- Cloud-based voicemail storage and transcription
- Built on Twilio, Amazon Web Services, and Google Voice
- Streamline constituent phone communications with direct integrations in constituent management systems
- Still a fairly new product
- Test-piloted in only a few offices
- Unclear pricing at this stage
Congress routinely deletes constituent voicemails due to its lack of voicemail storage space and staff capacity to listen, log, and respond to them. This is where a platform like Article One steps in.
Deploying Article One
Article One is a cloud-based calling system that integrates into an office’s existing phone infrastructure. Built by The OpenGov Foundation (OGF) with the Twilio API and leveraging Amazon’s GovCloud and Google’s Voice Transcription engine, Article One offers unlimited voicemail space, automatic transcription, and real-time data capturing.
The OGF has partnered with companies who develop government CRM products, integrating the platform’s constituent capabilities with tools like Fireside21 and Intranet Quorum. Article One has built-in constituent verification, so calls are appropriately routed to the correct Member of Congress, saving constituents time as well.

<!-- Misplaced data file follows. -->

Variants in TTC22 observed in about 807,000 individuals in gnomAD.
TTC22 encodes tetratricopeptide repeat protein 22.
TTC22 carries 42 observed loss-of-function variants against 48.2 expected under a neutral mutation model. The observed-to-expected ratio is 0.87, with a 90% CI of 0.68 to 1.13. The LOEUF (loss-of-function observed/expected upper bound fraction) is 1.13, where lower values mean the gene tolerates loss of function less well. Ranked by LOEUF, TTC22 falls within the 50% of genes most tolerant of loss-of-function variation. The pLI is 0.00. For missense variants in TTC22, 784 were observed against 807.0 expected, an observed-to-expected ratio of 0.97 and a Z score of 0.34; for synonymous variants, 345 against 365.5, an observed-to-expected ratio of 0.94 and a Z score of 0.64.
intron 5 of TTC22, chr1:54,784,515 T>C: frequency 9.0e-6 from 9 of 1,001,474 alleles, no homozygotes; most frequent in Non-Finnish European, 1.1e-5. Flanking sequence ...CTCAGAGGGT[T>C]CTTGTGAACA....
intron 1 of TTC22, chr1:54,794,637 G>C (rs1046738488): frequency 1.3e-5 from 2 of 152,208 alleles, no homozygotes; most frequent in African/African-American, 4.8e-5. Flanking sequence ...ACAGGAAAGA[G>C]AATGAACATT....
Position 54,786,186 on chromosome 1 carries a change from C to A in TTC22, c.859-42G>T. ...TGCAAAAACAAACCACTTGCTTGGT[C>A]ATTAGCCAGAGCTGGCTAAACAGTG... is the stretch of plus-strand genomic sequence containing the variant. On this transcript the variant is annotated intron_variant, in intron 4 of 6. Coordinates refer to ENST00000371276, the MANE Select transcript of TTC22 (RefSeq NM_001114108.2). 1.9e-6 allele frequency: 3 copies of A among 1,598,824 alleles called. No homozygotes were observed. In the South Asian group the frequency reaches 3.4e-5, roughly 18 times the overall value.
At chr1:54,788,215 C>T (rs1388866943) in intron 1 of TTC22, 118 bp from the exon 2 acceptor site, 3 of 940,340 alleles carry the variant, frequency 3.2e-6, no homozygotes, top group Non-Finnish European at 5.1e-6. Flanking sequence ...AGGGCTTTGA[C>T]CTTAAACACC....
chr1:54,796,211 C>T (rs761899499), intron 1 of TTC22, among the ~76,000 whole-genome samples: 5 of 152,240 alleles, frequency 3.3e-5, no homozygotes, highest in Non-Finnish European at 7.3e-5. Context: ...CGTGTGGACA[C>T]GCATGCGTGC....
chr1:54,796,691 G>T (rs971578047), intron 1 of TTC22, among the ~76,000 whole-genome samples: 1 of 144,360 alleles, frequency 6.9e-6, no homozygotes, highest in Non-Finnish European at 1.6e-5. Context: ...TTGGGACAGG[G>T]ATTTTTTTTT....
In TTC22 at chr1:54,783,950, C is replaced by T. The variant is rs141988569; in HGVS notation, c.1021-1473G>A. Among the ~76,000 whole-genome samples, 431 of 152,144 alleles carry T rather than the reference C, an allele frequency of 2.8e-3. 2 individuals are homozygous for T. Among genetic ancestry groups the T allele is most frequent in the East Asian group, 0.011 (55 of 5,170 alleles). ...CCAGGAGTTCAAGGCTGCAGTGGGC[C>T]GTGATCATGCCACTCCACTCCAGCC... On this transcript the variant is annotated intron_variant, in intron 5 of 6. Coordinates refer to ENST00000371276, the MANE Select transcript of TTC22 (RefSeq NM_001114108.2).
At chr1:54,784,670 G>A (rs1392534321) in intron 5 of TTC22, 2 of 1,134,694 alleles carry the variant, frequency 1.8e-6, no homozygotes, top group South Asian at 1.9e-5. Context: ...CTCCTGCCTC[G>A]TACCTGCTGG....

How it works
As mentioned above, Article One was built to integrate with — and eventually, augment or supplant — an office’s existing phone system.
Once you transfer your office’s primary phone number to Article One, all calls are then subject to automatic recording and transcription. Other metadata is collected from the calls your office receives and automatically populated into a CRM platform.
The recorded calls and transcriptions are then securely made available to CRM vendors so that voicemails are logged automatically.
The metadata capturing and voicemail logging can also be deployed in offices that don’t have integrated CRM vendors. Metadata received in these scenarios will be populated in a separate CSV file.
Performance and “pilot” testing
The Article One platform was recently released after a pilot testing phase. The OGF announced the new product at the 2017 Congressional Hackathon and has been implemented in nine “pilot” offices.
Article One was deployed in the office of U.S. Rep. Jared Polis (D-CO) over the Thanksgiving break. According to OGF, 480 constituent phone calls were automated; it takes an average of 90 seconds to process each call, reducing overall processing time from 12.5 hours to only 30 minutes.
Since Article One is technically still in its “testing” phase, its pricing is still under consideration. Seamus Kraft, OpenGov’s executive director, told us the price would land between $50-$100 per month for each office.
Between the cloud-based storage and integrations with existing CRM vendors, The OGF’s Article One could be a game-changer for constituent calls to congressional offices. Granted, the platform is very new, so patience may be required to work out any bugs if you wish to use the Article One at this early phase.